You only need to take a quick glance around one of its retail stores to know that Apple's got a keen eye for real estate. But its latest move is stunning even by its own high standards - Apple is to make the iconic Battersea Power Station its new UK home.
Over 1,400 members of staff will occupy all six floors of office space in the redeveloped building, according to the Evening Standard. Though it's had Grade II listed status for some time, the site has been subject to a painfully-slow restoration project, having been derelict for close to 33 years.
The move won't happen overnight, however. Pulling in employees from eight sites around London, the new campus won't be occupied until 2021.
iConic real estate
Sitting on the bank of London's river Thames, Apple has called the move a "great opportunity to have our entire team working and collaborating in one location while supporting the renovation of a neighbourhood rich with history."
Apple won't be the sole occupier, despite taking on a mammoth 500,000 sq ft of space. A huge 42-acre site, homes will sit alongside retail and leisure businesses as Apple's new neighbours. Apple's European HQ will however remain in Cork, Ireland, where it houses 4,000 employees.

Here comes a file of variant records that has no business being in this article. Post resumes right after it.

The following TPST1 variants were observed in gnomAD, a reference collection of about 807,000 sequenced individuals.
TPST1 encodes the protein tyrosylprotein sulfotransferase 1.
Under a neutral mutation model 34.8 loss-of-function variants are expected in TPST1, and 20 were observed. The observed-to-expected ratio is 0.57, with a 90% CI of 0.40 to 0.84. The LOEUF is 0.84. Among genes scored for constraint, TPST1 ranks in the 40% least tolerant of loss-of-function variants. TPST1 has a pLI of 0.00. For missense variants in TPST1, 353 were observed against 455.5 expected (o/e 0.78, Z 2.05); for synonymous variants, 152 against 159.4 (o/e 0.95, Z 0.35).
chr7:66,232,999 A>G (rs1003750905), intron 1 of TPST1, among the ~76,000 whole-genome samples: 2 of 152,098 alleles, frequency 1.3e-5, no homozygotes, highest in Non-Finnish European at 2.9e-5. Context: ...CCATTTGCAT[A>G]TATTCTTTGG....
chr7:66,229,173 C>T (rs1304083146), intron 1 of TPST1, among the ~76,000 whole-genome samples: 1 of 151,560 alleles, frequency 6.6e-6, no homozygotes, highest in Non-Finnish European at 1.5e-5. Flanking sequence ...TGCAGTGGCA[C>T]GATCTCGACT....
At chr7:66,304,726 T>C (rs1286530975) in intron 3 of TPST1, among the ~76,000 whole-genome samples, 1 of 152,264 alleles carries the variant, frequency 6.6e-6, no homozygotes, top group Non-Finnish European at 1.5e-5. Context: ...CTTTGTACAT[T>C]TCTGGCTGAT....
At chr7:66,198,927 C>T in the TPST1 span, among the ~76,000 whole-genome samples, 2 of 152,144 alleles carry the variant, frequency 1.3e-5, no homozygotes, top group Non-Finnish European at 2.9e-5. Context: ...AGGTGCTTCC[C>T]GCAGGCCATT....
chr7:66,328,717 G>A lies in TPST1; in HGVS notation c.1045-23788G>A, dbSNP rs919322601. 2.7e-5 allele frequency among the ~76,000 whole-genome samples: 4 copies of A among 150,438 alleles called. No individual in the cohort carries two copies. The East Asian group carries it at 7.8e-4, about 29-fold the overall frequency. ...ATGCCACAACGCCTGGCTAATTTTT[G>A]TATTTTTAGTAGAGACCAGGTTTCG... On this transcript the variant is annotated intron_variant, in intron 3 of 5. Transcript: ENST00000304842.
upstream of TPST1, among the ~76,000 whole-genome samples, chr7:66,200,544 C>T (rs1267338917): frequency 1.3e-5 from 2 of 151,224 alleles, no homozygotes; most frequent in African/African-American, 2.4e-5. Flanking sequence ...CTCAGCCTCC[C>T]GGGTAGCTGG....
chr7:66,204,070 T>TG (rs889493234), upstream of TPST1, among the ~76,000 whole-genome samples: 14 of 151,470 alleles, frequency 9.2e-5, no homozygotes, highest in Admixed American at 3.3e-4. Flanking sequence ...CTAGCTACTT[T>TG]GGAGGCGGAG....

Battersea Power Station has a unique history: a striking building designed in the art deco style by Sir Giles Gilbert Scott, it provided power to London from 1933 to 1983. Once decommissioned, it's been the background to many events, including Pink Floyd's infamous 1977 Animals album cover art.
- Apple also recently topped the CoolBrands list for the fifth year running
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Gerald is Editor-in-Chief of iMore.com. Previously he was the Executive Editor for TechRadar, taking care of the site's home cinema, gaming, smart home, entertainment and audio output. He loves gaming, but don't expect him to play with you unless your console is hooked up to a 4K HDR screen and a 7.1 surround system. Before TechRadar, Gerald was Editor of Gizmodo UK. He is also the author of 'Get Technology: Upgrade Your Future', published by Aurum Press.